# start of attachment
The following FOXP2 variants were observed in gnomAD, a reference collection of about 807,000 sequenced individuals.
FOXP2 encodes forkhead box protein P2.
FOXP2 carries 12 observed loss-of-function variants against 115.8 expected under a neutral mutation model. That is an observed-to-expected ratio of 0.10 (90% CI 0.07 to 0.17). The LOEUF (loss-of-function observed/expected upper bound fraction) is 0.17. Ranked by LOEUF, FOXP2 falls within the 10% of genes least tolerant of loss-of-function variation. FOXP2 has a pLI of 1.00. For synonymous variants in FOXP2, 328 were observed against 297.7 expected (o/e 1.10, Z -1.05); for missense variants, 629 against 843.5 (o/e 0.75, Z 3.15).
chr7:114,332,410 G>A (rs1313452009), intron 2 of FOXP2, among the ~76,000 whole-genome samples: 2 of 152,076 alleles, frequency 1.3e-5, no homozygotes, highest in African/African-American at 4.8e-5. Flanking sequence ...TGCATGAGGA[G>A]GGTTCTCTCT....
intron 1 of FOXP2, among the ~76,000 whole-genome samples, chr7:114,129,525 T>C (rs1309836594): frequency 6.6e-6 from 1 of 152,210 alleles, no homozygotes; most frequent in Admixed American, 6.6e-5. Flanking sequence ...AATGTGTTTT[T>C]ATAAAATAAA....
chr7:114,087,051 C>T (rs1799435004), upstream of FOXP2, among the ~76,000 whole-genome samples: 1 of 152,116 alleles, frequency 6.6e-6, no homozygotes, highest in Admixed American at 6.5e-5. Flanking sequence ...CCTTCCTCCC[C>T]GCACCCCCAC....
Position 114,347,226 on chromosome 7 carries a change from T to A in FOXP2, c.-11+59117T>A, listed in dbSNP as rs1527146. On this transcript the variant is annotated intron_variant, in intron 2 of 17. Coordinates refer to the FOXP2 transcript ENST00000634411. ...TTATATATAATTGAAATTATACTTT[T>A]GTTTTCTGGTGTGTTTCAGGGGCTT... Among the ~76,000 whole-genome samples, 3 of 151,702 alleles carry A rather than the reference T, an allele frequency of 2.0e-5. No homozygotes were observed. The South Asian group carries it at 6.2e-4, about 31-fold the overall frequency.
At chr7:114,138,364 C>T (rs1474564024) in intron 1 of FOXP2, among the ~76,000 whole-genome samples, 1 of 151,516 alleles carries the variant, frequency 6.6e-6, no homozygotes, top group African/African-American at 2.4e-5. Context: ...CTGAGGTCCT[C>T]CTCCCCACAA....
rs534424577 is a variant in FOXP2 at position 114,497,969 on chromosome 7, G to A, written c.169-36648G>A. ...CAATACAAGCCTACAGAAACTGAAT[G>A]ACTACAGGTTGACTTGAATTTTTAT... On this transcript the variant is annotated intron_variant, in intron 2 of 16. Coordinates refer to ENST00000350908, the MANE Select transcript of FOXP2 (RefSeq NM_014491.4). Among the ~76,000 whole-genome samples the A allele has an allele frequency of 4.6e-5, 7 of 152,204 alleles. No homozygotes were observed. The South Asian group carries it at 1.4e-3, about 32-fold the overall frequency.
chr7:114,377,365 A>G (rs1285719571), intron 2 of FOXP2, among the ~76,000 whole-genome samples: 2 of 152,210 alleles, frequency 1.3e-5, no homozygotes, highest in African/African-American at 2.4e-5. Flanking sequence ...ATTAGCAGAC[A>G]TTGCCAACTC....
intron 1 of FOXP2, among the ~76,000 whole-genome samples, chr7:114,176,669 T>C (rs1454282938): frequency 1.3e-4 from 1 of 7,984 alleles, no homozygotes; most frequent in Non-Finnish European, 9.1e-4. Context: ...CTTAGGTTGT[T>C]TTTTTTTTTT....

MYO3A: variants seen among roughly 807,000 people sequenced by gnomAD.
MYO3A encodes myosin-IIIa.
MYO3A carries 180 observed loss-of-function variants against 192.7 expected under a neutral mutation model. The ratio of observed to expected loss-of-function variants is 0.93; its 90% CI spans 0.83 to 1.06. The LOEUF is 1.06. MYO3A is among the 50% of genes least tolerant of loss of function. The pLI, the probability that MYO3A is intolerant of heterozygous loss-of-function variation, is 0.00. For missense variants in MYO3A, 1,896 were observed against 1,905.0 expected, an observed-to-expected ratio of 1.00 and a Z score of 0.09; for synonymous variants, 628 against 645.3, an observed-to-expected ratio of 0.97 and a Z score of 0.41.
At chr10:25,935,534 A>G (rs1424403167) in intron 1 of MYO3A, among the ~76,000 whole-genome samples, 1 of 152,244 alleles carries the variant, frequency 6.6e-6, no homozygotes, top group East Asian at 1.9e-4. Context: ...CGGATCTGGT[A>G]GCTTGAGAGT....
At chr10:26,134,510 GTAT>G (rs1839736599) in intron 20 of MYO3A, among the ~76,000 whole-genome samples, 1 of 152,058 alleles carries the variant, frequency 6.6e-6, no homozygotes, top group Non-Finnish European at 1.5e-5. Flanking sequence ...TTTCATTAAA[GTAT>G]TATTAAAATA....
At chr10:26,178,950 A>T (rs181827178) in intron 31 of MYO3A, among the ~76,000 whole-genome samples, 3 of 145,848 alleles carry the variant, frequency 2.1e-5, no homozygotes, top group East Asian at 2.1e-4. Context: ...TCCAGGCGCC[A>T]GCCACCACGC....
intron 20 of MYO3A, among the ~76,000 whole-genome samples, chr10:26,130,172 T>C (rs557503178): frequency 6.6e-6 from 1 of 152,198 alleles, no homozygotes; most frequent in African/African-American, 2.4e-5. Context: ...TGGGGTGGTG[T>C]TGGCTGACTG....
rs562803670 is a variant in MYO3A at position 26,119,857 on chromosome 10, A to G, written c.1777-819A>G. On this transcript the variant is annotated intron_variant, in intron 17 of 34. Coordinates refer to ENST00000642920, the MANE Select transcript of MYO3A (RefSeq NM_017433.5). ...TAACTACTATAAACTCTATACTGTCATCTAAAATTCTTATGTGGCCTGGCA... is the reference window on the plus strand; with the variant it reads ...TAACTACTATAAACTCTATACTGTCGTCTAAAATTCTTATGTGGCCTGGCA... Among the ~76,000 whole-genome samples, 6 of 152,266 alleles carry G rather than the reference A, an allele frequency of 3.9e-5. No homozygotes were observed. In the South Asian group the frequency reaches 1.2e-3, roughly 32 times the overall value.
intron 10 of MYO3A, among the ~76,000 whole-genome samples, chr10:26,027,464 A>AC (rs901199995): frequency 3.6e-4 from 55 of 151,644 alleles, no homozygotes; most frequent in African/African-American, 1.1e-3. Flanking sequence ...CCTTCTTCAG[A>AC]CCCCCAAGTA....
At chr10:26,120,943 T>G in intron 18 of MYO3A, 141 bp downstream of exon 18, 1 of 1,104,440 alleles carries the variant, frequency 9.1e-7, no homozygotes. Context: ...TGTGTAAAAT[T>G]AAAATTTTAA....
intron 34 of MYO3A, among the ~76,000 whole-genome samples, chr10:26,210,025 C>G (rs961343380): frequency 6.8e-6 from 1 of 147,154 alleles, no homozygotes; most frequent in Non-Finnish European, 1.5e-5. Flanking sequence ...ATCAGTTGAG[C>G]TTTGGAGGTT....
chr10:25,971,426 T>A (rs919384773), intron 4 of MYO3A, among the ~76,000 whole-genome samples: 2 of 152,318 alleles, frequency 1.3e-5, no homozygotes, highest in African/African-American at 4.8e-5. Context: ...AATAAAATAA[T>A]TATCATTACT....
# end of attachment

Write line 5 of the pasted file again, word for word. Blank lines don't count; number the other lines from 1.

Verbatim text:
intron 1 of FOXP2, among the ~76,000 whole-genome samples, chr7:114,129,525 T>C (rs1309836594): frequency 6.6e-6 from 1 of 152,210 alleles, no homozygotes; most frequent in Admixed American, 6.6e-5. Flanking sequence ...AATGTGTTTT[T>C]ATAAAATAAA....